Of course, not every story needs to end on a tender note in order to be compelling. In fact, depending on how you frame it, any emotion could spur your audience into a specific type of action.

And that is why intentionality is extremely important. Even before you set out to shoot or write something to be shared, I think it’s worth taking the time to think about the emotional journey you hope your audience embarks on when consuming your content. 

If done well, that sets the basis for an emotionally cohesive narrative that impacts them and moves them into wanting to take an action that you’d like them to.

2. Head, Heart and Gut spaces

Another interesting concept we were introduced to involved our three centres of intelligence i.e., our Head, Heart and Gut spaces. Although we commonly use this when talking about how we make decisions, I learnt that this too could be used to ensure specificity regarding the stories we tell and the content we want to create.

When we communicate from the Head space, information is factual, evidence-based and largely appeals to logic. This, to me, is an example of a post that was delivered from the head.

Excerpt of a post shared from the Head Space.

Not only is the message blunt and perhaps a little controversial, the manner in which it was shared is equally as bold. The striking text colour over a plain background, the lack of accompanying photos and the careful choice of facts and figures indicate the urgency with which the poster wanted to communicate her message.

Sharing from the Heart space would present the same information in a way that is full of imagery and circumstantial detail that tends to allow for more relatability. Take this post for example:

Excerpt of a post shared from the Heart Space.

In the caption, the poster shares moments of his childhood that have shaped his perception of gender and freedom — from the jealousy to the discomfort to the shame. And this post is made more compelling by how lucidly he was able to recall these instances.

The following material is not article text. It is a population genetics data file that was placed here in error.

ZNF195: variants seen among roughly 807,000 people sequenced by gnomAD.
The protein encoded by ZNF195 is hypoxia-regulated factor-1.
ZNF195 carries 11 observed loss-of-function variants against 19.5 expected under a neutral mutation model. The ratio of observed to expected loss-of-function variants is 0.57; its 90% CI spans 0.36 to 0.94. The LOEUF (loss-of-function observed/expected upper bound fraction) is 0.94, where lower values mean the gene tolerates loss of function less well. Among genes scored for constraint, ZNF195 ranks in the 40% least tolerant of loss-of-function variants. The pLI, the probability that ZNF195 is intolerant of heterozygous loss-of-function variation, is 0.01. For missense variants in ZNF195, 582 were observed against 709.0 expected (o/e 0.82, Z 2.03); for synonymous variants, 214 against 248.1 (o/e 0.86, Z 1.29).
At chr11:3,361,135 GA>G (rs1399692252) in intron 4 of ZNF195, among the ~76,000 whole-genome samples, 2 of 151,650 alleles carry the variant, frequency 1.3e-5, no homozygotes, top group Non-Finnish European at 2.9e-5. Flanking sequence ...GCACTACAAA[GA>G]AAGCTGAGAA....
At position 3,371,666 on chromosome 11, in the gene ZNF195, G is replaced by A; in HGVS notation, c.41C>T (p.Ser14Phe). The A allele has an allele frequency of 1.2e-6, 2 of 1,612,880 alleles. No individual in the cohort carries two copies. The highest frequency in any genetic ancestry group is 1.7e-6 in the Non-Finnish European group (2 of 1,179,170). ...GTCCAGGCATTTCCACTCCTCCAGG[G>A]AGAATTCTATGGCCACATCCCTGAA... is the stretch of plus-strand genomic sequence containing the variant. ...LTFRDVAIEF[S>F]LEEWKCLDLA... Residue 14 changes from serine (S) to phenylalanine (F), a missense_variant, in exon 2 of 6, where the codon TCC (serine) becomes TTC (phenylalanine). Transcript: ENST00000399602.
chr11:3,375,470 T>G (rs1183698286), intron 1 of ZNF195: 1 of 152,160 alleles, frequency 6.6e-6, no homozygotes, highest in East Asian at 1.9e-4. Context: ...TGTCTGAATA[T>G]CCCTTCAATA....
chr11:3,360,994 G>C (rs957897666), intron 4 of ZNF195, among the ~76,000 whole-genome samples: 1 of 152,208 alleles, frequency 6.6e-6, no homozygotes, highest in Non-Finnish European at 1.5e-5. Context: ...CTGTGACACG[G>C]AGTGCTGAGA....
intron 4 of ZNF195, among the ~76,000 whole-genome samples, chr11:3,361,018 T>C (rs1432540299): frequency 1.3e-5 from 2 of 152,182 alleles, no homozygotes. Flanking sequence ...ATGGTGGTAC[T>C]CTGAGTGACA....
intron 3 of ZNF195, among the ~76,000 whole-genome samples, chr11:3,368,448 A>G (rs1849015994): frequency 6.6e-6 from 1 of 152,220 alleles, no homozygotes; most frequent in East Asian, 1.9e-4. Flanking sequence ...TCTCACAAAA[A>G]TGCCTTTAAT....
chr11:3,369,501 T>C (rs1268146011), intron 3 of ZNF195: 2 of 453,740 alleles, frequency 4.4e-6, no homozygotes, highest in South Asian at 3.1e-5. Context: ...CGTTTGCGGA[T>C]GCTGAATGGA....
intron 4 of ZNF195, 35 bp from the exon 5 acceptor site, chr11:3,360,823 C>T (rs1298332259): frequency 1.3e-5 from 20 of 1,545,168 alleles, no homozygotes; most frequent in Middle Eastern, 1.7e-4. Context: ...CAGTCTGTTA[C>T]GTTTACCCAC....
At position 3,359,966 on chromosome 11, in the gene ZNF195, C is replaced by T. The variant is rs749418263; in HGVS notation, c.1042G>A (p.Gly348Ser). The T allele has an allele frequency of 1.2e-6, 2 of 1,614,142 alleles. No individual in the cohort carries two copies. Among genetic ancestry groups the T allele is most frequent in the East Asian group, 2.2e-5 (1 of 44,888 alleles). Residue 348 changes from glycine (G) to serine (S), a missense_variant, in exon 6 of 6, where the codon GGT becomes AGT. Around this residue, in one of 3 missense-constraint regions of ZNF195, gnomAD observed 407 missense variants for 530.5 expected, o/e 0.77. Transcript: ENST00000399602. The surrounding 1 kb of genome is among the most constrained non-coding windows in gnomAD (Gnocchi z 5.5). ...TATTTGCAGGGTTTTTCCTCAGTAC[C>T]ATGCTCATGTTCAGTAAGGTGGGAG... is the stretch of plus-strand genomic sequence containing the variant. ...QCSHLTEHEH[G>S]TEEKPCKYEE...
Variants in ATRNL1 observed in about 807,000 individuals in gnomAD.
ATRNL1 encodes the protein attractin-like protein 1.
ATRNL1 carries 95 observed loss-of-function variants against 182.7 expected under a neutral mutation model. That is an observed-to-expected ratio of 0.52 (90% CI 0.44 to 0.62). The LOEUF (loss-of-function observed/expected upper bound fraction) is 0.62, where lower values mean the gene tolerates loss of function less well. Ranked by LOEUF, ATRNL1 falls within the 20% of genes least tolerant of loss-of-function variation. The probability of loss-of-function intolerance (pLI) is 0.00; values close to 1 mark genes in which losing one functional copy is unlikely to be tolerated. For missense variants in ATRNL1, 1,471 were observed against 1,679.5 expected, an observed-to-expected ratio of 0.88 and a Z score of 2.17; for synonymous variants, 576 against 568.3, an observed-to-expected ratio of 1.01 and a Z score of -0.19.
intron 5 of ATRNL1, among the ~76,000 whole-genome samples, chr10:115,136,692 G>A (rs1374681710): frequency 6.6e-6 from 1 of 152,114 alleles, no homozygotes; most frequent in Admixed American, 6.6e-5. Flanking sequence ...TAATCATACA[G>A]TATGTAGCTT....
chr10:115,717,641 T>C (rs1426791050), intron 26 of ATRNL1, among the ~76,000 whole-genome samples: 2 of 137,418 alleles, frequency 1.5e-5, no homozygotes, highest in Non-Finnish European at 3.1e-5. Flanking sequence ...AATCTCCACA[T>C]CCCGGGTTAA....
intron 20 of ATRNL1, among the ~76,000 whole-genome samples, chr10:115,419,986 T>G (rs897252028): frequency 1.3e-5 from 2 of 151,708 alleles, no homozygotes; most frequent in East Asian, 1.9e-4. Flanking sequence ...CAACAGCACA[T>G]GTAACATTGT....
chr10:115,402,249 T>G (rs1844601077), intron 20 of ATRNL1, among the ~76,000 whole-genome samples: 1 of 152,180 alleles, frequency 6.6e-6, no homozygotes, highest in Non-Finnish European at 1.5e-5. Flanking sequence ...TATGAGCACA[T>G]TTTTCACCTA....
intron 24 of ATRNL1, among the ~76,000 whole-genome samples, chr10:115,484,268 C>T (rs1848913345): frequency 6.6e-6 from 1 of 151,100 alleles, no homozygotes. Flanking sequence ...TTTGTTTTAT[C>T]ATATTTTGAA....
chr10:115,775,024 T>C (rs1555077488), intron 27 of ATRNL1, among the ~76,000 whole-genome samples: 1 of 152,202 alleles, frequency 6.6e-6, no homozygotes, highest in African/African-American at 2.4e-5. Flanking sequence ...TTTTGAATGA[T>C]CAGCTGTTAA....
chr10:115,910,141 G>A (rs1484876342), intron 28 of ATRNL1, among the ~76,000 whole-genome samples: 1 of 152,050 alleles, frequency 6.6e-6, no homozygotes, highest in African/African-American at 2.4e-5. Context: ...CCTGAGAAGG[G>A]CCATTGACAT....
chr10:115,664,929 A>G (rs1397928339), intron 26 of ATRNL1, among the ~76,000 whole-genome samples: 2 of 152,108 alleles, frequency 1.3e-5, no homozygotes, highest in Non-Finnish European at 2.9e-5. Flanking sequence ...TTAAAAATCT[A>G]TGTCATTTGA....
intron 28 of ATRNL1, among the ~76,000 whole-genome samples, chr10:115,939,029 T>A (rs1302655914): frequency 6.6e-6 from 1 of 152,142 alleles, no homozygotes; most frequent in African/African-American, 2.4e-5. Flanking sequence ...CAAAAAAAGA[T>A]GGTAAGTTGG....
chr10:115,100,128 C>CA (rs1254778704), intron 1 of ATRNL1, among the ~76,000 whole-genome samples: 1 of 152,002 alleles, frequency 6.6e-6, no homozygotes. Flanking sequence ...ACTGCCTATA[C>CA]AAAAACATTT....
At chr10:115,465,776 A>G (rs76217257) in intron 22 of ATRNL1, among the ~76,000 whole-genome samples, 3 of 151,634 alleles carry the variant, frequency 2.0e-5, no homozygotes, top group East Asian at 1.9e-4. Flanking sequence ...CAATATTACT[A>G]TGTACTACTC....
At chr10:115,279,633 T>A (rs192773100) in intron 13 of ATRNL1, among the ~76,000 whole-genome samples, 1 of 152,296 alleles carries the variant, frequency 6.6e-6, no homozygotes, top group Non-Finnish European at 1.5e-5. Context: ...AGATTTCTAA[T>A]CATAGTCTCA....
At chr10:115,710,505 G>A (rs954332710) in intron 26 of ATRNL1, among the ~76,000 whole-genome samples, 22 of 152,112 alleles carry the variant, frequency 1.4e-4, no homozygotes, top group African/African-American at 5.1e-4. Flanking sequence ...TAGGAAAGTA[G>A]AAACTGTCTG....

Lastly, speaking from the Gut space is characterised by conviction such that one’s values are immediately revealed. This post, for instance, exposed the ill treatment experienced by the poster’s sibling with special needs when MINDSville@Napiri became a cluster.

Excerpt of a post shared from the Gut Space.

She was not afraid to call out the inconsistencies between what she believed the government preached about celebrating PWDs and the way her brother’s case was handled. Another indication that this is a gut-level sharing would be the list of suggestions she makes at the end to ensure a more equitable protocol.

As a changemaker, where are you sharing information from? I encourage you to look through your profile and reflect on where your audience might be impacted when reading your posts. Perhaps it could be worth exploring other levels or even a combination of levels to create a greater impact.

Overall, I found both these frameworks helpful, especially when setting the intention behind the stories we tell, the emotions we hope to evoke, the messages we wish to send and the actions we hope to encourage through the content we create. After all, just like Maya Angelou said:

People will forget what you said, people will forget what you did, but people will never forget how you made them feel.

Getting your story out there

The second module in this programme was led by Kai Yuan, co-founder and director of Our Grandfather Story (OGS). Through sharing sessions with him and other members of the OGS team, we got some valuable insights into how OGS categorises, prioritises and makes the most of their content.

3. Creating innovative content starts from being clear about your brand’s voice

One thing I learnt during this module was that, while honing a clear brand identity may be tedious, it is extremely helpful in guiding you as you create content. In an era where we are inundated with information, it is easy (and perhaps instinctual) to hop onto the latest trends and create reactionary content that could get clicks and views.

But is the content you are creating aligned with your brand’s identity? This is a struggle that many content creators face as we attempt to strike a balance between creating content that is timely and content that aligns with their brand’s voice and values.